Saturday, November 17, 2012

Jones Grocery Store, Lewisville NC, Forsyth County

This is Jones Grocery Store (1875) just outside of Clemmons NC on the  Shallowford Road. It was originally in the Little Yadkin Township also known as the West Bend named after the West Bend of the Yadkin River. This store was built after 1926 because of a disastrous robbery. It was built by Will Jones and also had a residence inside the store.

Photography by Keith Hall

Thursday, October 4, 2012

PICKLED EGGS, a Form of Survival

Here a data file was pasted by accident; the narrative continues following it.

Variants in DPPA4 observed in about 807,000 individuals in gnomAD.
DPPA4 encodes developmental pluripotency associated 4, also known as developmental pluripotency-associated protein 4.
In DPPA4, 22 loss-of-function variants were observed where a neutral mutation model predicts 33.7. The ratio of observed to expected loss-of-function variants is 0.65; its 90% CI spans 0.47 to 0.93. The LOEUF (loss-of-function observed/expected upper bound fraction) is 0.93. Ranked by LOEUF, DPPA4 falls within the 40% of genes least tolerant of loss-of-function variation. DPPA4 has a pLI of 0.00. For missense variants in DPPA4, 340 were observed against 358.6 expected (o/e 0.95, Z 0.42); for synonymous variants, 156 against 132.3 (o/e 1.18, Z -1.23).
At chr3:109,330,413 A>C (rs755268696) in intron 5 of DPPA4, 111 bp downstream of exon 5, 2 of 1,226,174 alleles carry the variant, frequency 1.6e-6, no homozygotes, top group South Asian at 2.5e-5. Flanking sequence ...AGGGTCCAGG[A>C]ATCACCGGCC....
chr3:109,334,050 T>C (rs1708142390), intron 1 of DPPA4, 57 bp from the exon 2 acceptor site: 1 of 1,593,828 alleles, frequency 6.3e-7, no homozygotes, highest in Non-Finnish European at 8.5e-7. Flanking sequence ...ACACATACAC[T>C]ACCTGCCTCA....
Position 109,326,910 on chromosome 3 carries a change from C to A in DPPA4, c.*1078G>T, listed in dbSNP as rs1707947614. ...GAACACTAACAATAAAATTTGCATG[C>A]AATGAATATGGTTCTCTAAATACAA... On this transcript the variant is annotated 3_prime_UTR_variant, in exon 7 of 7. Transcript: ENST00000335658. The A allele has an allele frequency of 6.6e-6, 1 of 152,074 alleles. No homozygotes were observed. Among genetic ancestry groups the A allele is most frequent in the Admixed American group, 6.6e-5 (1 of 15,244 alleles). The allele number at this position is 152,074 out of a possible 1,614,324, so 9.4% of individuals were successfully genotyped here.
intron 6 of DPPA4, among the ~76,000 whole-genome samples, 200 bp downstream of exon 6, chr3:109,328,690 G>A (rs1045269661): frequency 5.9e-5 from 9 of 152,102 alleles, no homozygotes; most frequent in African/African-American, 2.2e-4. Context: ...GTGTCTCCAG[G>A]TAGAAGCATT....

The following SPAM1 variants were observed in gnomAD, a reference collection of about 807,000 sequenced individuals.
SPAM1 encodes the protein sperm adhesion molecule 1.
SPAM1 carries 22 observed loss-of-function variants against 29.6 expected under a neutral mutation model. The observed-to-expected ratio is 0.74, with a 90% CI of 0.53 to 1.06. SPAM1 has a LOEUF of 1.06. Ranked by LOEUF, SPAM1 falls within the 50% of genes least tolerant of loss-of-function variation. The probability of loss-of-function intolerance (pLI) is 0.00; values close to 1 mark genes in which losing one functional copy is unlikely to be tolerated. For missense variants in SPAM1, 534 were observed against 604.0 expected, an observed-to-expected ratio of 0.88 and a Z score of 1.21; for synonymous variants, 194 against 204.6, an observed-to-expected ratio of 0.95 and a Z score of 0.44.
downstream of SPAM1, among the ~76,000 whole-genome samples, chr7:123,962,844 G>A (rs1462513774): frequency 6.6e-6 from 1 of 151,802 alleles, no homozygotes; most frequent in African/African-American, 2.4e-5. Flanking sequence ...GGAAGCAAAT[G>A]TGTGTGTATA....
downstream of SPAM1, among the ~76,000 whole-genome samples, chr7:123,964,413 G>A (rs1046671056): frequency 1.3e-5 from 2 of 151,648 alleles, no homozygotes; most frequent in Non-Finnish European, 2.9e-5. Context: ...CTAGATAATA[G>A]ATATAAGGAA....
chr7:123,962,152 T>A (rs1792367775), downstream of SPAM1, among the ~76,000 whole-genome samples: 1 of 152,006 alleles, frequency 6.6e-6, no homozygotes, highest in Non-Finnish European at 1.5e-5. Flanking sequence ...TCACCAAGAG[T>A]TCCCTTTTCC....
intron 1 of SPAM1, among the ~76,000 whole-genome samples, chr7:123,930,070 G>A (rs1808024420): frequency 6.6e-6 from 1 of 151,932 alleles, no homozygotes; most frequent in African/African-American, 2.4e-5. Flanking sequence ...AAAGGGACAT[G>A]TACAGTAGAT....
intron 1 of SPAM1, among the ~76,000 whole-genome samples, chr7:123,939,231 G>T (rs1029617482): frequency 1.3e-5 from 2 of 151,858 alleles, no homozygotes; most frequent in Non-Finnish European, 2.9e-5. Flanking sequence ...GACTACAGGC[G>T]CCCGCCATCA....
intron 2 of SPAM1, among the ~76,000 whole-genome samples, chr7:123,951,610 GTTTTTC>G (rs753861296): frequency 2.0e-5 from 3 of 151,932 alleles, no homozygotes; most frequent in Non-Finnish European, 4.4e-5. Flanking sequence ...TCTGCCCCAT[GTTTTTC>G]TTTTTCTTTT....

One day I was in the local grocery store and I began to look for a hard to find item. It was pickled eggs preserved in beet juice and vinegar. Most grocery stores here in the south still have them but they stick them in unusual places so that you really have to look hard for them. As a young boy when you would visit a bar, tavern or pool hall, (beer joint) you would find these for sell in big jars on the counter along with a big jar of large pickled cucumbers. I could find small jars of them in the produce sections but they were pickled in a clear vinegar unlike the ones in the beet juice and vinegar which gives the egg white a purple color. I thought these would be easy to fix. You just need a large empty jar and lid, then boil some eggs, a can of beets from the store, and apple cider vinegar or clear distilled vinegar, enough to fill the jar and cover up the eggs. Be sure to peel the shells from the eggs after you boil them. Place all of this in the jar and seal tightly. Whenever you need one just go and eat one for a snack because eggs are very healthy especially the boiled ones. The real reason I wanted to blog this was because back in our forefathers days people had large families to help them farm and one would be blessed to have a lot of children. In order to feed them they needed to store up food and preserve it. They would have a few barn yard hens and the hens would lay eggs and they would gather them to feed their families. If they have many hens the eggs would get old before they could cook them all and would have to throw them away. The refrigerator hadn't been invented at this time. They could take these eggs and fix them just as I described above and they would store a long time in the vinegar. If you owned a lot of hens you could do this and sell them to your neighbor or barter for something that they had. If your children had grown up and were married and had their own kids, then you could give some to them. This was a matter of survival. The next time you are in a bar, tavern,pool hall, (beer joint) or even the grocery store look for this unusual delicacy and try one. If you are inventive make you own.